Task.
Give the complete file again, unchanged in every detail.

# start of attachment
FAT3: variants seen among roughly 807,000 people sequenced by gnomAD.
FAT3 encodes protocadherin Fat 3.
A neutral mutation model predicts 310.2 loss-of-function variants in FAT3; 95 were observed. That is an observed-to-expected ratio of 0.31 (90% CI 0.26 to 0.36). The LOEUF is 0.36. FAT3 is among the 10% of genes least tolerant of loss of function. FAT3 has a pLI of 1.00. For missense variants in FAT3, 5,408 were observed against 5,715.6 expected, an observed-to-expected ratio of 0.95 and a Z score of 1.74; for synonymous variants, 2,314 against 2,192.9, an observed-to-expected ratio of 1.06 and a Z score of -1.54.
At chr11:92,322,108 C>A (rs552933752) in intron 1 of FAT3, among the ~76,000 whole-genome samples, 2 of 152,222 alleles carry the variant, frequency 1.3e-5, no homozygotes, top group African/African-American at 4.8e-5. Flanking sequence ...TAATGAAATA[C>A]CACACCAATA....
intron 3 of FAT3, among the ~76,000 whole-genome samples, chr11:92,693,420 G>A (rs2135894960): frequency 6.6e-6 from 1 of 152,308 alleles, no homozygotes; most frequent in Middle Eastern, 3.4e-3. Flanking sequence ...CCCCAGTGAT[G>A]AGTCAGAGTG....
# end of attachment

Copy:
FAT3: variants seen among roughly 807,000 people sequenced by gnomAD.
FAT3 encodes protocadherin Fat 3.
A neutral mutation model predicts 310.2 loss-of-function variants in FAT3; 95 were observed. That is an observed-to-expected ratio of 0.31 (90% CI 0.26 to 0.36). The LOEUF is 0.36. FAT3 is among the 10% of genes least tolerant of loss of function. FAT3 has a pLI of 1.00. For missense variants in FAT3, 5,408 were observed against 5,715.6 expected, an observed-to-expected ratio of 0.95 and a Z score of 1.74; for synonymous variants, 2,314 against 2,192.9, an observed-to-expected ratio of 1.06 and a Z score of -1.54.
At chr11:92,322,108 C>A (rs552933752) in intron 1 of FAT3, among the ~76,000 whole-genome samples, 2 of 152,222 alleles carry the variant, frequency 1.3e-5, no homozygotes, top group African/African-American at 4.8e-5. Flanking sequence ...TAATGAAATA[C>A]CACACCAATA....
intron 3 of FAT3, among the ~76,000 whole-genome samples, chr11:92,693,420 G>A (rs2135894960): frequency 6.6e-6 from 1 of 152,308 alleles, no homozygotes; most frequent in Middle Eastern, 3.4e-3. Flanking sequence ...CCCCAGTGAT[G>A]AGTCAGAGTG....